INDIANAPOLIS – Before John Lynch became the San Francisco 49ers’ general manager, the Hall of Fame safety was a television analyst watching future Texans coach DeMeco Ryans ply his trade as a hard-hitting Texans Pro Bowl linebacker.
Lynch would frequently meet with Ryans in production meetings, getting to know the Texans’ team captain and former NFL Defensive Rookie of the Year.
Ryans made a lasting impression on Lynch, who would later work with Ryans with the 49ers as a quality control coach, linebackers coach and, later, the defensive coordinator and architect of the NFL’s top-ranked defense and NFL Assistant Coach of the Year.
“He’s one of the people I admire most in this league, and that’s the honest to God’s truth,” Lynch told KPRC 2 at the NFL scouting combine. “I remember DeMeco well as a fan of the game. I was a broadcaster at the time and used to have him a lot at my production meetings because he was the leader of that defense. I remember Andy Reid telling me early in his tenure this guy is one of the best leaders I’ve ever been around and he was a fantastic player to boot.”
After Ryans retired, 49ers coach Kyle Shanahan was quick to add him to the coaching staff. He made a fast rise, working with former Texans position coach Johnny Holland to bring along All-Pro linebacker Fred Warner and Dre Greenlaw.
‘When Kyle and I were assembling a staff, he said he wanted to bring DeMeco in and I said, ‘Oh my gosh, that’s a home run. Let’s do it,’” Lynch said. “And then he was just better than we ever thought he would be. He really took to it. Fred Warner, Dre’ Greenlaw, they’re special people, but they would both tell you that DeMeco helped mold them into the players they are.”
When the New York Jets hired Robert Saleh to become their new head coach, Ryans was ready to take the next step in his coaching career. The defense rose to new heights in San Francisco.
‘We become the No. 1 defense after losing Robert Saleh,” Lynch said. “We were all in a panic. ‘How are we going to hold on? Not only did we hold on, we got better under DeMeco’s tutelage. The Texans are getting a great one. I think they know that he’ll be a fine coach.”
Lynch has talked with Texans general manager Nick Caserio. The collaboration with Ryans behind the scenes has been smooth and interactive.
“I’ve talked to Nick and I know how excited he is to work with him,” Lynch said. “To boot, he brought some of the assistants who were really valuable to us his way, (Texans offensive coordinator) Bobby Slowik, (Texans defensive passing game coordinator-secondary coach) Cory Undlin. DeMeco will do a tremendous job. I have no hesitation to say that. The sky is the limit. He’s a great friend, a great person. Aside from being a really talented coach, he’s a tremendous leader of people.”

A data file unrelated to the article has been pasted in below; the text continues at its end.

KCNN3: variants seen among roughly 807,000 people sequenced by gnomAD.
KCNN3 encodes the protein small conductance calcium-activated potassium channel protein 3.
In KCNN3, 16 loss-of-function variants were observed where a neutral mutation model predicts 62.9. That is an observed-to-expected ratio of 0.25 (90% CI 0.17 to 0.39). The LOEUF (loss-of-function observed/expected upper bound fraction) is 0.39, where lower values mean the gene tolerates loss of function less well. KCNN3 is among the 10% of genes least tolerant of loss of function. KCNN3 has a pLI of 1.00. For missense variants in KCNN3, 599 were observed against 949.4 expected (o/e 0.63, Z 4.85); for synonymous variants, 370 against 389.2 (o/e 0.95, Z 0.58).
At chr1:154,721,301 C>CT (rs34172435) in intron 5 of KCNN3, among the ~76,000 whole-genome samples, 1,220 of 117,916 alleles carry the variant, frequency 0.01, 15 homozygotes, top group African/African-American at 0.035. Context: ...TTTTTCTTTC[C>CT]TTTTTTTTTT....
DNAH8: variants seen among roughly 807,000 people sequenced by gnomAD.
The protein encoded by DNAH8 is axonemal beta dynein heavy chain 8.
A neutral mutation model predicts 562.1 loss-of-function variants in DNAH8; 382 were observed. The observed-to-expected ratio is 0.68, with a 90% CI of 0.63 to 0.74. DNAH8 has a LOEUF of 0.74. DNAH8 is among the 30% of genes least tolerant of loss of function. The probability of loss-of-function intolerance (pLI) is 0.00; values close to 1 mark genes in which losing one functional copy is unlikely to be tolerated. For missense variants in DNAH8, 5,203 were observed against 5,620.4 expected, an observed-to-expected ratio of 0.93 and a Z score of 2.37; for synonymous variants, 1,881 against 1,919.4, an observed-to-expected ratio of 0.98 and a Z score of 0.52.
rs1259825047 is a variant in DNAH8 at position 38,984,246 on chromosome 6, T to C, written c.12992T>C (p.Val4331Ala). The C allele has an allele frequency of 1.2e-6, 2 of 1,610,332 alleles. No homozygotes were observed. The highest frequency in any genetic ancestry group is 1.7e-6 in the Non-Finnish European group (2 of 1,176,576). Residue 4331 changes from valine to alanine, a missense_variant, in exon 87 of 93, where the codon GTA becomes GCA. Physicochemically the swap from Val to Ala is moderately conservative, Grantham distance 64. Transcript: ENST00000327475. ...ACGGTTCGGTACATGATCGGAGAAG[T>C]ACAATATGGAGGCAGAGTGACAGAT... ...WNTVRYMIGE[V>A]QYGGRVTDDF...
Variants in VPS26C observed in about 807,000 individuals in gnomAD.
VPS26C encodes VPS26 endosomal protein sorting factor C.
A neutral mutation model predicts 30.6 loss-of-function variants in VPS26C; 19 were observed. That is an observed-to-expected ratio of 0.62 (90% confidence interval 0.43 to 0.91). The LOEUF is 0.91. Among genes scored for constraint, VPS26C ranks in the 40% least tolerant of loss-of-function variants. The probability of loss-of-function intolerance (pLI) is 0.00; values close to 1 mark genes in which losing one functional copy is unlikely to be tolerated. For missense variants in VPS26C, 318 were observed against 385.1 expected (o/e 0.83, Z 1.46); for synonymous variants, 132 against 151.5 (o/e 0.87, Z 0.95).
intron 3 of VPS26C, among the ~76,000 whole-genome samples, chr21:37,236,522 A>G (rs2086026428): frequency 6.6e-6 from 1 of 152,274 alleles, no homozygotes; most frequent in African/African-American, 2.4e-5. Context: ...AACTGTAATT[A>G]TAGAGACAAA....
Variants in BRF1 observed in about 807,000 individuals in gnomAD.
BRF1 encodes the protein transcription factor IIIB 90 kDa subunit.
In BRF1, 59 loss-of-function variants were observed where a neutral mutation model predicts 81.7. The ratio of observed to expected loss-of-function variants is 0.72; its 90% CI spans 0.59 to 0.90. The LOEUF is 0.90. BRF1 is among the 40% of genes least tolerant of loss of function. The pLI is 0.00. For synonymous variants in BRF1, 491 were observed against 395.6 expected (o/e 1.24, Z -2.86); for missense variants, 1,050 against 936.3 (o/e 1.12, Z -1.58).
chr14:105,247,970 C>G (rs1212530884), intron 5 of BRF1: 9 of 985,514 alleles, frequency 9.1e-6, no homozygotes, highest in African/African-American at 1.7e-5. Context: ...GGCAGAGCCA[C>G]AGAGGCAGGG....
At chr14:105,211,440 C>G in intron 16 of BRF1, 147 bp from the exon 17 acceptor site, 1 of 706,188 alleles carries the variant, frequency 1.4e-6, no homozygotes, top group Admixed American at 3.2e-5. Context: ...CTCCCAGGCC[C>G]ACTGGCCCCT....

Shanahan involved Ryans in many key decisions, helping to prepare him to become a head coach, as he did with other assistants like Saleh and Miami Dolphins coach Mike McDaniel.
“I think Kyle kind of pulled back the curtain for him,” Lynch said. “Kyle really respected DeMeco. Kyle spends a lot of time with his coaches and included DeMeco on a lot of the decisions he has to make on a daily basis. He also told him you can’t do everything. You’ve got to trust coaches and personnel people. It’s a hard league. It’s hard to win a game. You can’t do it alone. DeMeco knows all these things. I’m very confident the Texans got the right guy.”
McDaniel was an offensive assistant for then-Texans coach Gary Kubiak when he met Ryans.
Both would emerge as future head coaches, Ryans now with the Texans as a first-time head coach, and McDaniel coming off his first season and a playoff appearance with theDolphins.
McDaniel also has a high degree of belief in his former 49ers colleague as the former second-round draft pick from Alabama takes over the Texans’ head coaching position.
“I couldn’t be more confident in an individual in terms of a guy being made for this position of head coach in the National Football League,” McDaniel said at the combine. “DeMeco is a special breed unlike any that I’ve come across in my walks of football life.”
Ryans, 38, is a former defensive quality control coach and inside linebackers coach named defensive coordinator in 2021.
Ryans is the latest head coach from the Shanahan coaching tree after McDaniel, who was successful in his first year running the Dolphins.
Ryans quickly earned the defensive captain title and earned a nickname that stuck with him to this day: ‘Cap.’
“You’re talking about a guy who, as a 22-year-old, walked into an NFL building and led an entire defense as a captain and really the best player on the defense from Day One,” McDaniel said. “Fast forward to him as a coach. I saw him cutting his teeth as a position coach, really as a position assistant, and then would lead to a position coach. You’re talking about a guy who makes an appearance to the coaching world look easy.”
That’s because of Ryans’ relatability, poise and background as a player. Having that credibility speaks volumes in the locker room.
“Players play for him, players believe in him,” McDaniel said. “He has the disposition to handle the natural turbulence that occurs from this scope. I couldn’t be happier for an individual who’s more deserving, and really, this is a dream of his.
“He felt very connected to the Houston fan base and had always held that in high regard and in high esteem. For him to get that particular on top of that it’s an NFL job, I think it’s a storybook beginning to what will be a very successful career.”
Aaron Wilson is a Texans and NFL reporter for KPRC 2 and click2houston.com